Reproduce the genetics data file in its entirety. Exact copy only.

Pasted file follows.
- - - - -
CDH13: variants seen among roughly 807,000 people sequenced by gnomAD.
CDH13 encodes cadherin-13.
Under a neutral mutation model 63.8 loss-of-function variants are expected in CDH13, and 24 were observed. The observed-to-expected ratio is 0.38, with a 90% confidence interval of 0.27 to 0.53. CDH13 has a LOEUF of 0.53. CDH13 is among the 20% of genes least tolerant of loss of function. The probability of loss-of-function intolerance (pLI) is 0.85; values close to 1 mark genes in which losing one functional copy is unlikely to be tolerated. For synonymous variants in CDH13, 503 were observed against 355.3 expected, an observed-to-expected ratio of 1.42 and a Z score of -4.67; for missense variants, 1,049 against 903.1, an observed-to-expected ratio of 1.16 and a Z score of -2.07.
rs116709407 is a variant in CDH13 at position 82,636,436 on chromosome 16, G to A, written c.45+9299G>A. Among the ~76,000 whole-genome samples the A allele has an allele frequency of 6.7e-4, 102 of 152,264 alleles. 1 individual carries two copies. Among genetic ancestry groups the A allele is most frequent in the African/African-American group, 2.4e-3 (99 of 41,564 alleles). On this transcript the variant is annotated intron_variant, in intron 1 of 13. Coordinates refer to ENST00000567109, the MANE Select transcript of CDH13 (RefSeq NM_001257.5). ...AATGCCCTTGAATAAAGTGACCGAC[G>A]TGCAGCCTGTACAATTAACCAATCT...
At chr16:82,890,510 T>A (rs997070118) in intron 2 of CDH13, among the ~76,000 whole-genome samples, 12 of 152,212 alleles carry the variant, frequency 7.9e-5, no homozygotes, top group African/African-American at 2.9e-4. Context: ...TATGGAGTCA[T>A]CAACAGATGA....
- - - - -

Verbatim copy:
CDH13: variants seen among roughly 807,000 people sequenced by gnomAD.
CDH13 encodes cadherin-13.
Under a neutral mutation model 63.8 loss-of-function variants are expected in CDH13, and 24 were observed. The observed-to-expected ratio is 0.38, with a 90% confidence interval of 0.27 to 0.53. CDH13 has a LOEUF of 0.53. CDH13 is among the 20% of genes least tolerant of loss of function. The probability of loss-of-function intolerance (pLI) is 0.85; values close to 1 mark genes in which losing one functional copy is unlikely to be tolerated. For synonymous variants in CDH13, 503 were observed against 355.3 expected, an observed-to-expected ratio of 1.42 and a Z score of -4.67; for missense variants, 1,049 against 903.1, an observed-to-expected ratio of 1.16 and a Z score of -2.07.
rs116709407 is a variant in CDH13 at position 82,636,436 on chromosome 16, G to A, written c.45+9299G>A. Among the ~76,000 whole-genome samples the A allele has an allele frequency of 6.7e-4, 102 of 152,264 alleles. 1 individual carries two copies. Among genetic ancestry groups the A allele is most frequent in the African/African-American group, 2.4e-3 (99 of 41,564 alleles). On this transcript the variant is annotated intron_variant, in intron 1 of 13. Coordinates refer to ENST00000567109, the MANE Select transcript of CDH13 (RefSeq NM_001257.5). ...AATGCCCTTGAATAAAGTGACCGAC[G>A]TGCAGCCTGTACAATTAACCAATCT...
At chr16:82,890,510 T>A (rs997070118) in intron 2 of CDH13, among the ~76,000 whole-genome samples, 12 of 152,212 alleles carry the variant, frequency 7.9e-5, no homozygotes, top group African/African-American at 2.9e-4. Context: ...TATGGAGTCA[T>A]CAACAGATGA....